Maternal obesity accelerates rat offspring metabolic ageing in a sex-dependent manner

Guadalupe L. Rodríguez-González, Luis A. Reyes-Castro, Claudia J. Bautista, Azucena A. Beltrán, Carlos A. Ibáñez, Claudia C. Vega, Consuelo Lomas-Soria, Diana C. Castro-Rodríguez, Ana L. Elías-López, Peter W. Nathanielsz, Elena Zambrano

Research output: Contribution to journalArticlepeer-review

7 Scopus citations


Key points: Maternal obesity predisposes to metabolic dysfunction in male and female offspring Maternal high-fat diet consumption prior to and throughout pregnancy and lactation accelerates offspring metabolic ageing in a sex-dependent manner This study provides evidence for programming-ageing interactions. Abstract: Human epidemiological studies show that maternal obesity (MO) shortens offspring life and health span. Life course cellular mechanisms involved in this developmental programming-ageing interaction are poorly understood. In a well-established rat MO model, female Wistar rats ate chow (controls (C)) or high energy, obesogenic diet to induce MO from weaning through pregnancy and lactation. Females were bred at postnatal day (PND) 120. Offspring (F1) of mothers on control diet (CF1) and MO diet (MOF1) delivered spontaneously at terms. Both CF1 and MOF1 ate C diet from weaning throughout the study. Offspring were killed at PND 36, 110, 450 and 650. We determined body and liver weights, liver and serum metabolite concentrations, hormones and oxidative stress biomarkers. Male and female CF1 body weight, total fat, adiposity index, serum leptin, insulin, insulin resistance, and liver weight, fat, triglycerides, malondialdehyde, reactive oxygen species and nitrotyrosine all rose with differing ageing trajectories. Female CF1 triglycerides were unchanged with age. Age-related increases were greater in MOF1 than CF1 in both sexes for all variables except glucose in males and females and cholesterol in males. Cholesterol fell in CF1 females but not MOF1. Serum corticosterone levels were higher in male and female MOF1 than CF1 and declined with age. DHEA serum levels were lower in male and female MOF1 than CF1. Liver antioxidant enzymes decreased with age (CF1 and MOF1). Conclusions: exposure to the developmental challenge of MO accelerates progeny ageing metabolic and endocrine profiles in a sex specific manner, providing evidence for programming-ageing interactions.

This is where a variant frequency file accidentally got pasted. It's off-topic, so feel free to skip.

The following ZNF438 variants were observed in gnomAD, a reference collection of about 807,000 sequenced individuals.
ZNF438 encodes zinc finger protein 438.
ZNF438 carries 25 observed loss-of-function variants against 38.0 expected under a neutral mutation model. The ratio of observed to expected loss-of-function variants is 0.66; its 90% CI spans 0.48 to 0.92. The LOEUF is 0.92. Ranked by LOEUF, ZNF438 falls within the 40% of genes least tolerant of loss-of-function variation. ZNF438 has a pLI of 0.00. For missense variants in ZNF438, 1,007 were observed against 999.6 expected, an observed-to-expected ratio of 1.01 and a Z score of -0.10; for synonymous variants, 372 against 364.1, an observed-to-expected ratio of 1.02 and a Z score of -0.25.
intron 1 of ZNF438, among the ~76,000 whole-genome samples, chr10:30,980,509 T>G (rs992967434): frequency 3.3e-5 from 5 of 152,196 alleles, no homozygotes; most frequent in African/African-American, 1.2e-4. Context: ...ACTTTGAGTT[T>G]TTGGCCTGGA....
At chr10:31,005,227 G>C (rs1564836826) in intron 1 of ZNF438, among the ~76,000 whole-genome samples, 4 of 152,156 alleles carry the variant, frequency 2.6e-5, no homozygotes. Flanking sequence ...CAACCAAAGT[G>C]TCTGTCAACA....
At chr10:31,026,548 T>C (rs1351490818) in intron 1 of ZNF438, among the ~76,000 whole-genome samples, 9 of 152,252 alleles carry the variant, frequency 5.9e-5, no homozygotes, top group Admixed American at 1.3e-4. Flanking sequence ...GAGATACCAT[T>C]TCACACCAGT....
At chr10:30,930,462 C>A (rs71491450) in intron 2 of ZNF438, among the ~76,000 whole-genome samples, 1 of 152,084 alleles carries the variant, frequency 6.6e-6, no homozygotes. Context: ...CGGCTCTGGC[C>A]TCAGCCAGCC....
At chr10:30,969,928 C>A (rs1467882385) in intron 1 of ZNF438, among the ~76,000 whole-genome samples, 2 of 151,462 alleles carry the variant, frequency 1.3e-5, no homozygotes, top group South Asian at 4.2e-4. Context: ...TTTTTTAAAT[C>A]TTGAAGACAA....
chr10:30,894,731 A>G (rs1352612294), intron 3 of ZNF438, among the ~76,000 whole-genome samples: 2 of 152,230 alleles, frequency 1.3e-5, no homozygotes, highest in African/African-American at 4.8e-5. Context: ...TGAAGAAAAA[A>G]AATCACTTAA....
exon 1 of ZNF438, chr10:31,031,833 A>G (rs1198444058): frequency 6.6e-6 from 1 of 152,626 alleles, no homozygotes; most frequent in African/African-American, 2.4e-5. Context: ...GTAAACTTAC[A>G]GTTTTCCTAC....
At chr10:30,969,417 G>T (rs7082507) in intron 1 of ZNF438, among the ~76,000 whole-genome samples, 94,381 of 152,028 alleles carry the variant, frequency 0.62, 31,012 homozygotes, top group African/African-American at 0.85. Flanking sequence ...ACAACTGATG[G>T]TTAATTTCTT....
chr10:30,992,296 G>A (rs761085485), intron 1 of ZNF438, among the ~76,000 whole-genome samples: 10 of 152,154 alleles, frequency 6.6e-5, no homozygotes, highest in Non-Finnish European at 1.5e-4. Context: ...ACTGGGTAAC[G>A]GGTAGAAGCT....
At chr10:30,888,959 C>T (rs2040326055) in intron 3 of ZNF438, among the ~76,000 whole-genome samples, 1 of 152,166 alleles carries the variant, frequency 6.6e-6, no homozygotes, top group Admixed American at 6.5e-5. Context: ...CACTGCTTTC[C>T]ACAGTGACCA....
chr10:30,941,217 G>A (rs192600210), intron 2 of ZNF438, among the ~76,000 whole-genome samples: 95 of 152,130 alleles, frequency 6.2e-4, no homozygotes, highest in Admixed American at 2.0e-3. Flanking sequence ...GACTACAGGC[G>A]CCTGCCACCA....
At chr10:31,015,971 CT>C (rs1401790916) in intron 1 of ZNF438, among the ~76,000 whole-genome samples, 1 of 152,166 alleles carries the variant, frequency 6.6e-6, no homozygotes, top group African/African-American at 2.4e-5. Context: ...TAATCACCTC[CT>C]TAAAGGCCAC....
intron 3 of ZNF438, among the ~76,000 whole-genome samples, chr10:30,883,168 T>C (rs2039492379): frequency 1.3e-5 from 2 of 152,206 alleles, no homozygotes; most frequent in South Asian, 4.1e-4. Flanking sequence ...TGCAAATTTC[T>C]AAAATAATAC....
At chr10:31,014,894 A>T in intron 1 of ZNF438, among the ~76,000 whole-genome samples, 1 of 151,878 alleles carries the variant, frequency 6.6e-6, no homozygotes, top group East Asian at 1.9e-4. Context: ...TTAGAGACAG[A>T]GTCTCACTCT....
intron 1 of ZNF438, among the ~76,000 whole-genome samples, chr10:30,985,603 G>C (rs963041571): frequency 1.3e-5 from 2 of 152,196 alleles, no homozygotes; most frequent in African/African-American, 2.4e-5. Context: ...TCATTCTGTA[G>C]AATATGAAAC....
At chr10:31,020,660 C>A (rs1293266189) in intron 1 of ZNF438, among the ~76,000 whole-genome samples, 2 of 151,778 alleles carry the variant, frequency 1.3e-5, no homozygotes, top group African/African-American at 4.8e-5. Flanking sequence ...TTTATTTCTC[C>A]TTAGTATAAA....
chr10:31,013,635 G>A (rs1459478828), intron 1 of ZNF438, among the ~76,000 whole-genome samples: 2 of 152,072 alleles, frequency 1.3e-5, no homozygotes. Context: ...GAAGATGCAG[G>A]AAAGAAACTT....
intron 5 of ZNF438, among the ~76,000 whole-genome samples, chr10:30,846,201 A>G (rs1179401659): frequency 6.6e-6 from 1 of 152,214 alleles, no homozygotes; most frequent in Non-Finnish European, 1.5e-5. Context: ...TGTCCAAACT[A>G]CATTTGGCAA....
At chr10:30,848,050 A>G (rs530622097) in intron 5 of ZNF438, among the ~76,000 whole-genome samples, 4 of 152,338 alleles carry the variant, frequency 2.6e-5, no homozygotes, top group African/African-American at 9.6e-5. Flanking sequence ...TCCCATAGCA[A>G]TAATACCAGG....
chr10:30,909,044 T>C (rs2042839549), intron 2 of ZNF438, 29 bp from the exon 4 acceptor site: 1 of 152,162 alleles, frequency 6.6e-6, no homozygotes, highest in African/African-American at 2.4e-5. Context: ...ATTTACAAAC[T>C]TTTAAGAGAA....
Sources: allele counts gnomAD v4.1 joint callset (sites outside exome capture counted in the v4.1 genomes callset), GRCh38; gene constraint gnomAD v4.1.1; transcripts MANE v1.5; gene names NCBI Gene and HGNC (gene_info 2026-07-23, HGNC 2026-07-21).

Original languageEnglish (US)
Pages (from-to)5549-5563
Number of pages15
JournalJournal of Physiology
Issue number23
StatePublished - Dec 1 2019
Externally publishedYes


  • ageing
  • developmental programming
  • liver fat
  • maternal obesity
  • metabolism
  • oxidative stress

ASJC Scopus subject areas

  • Physiology


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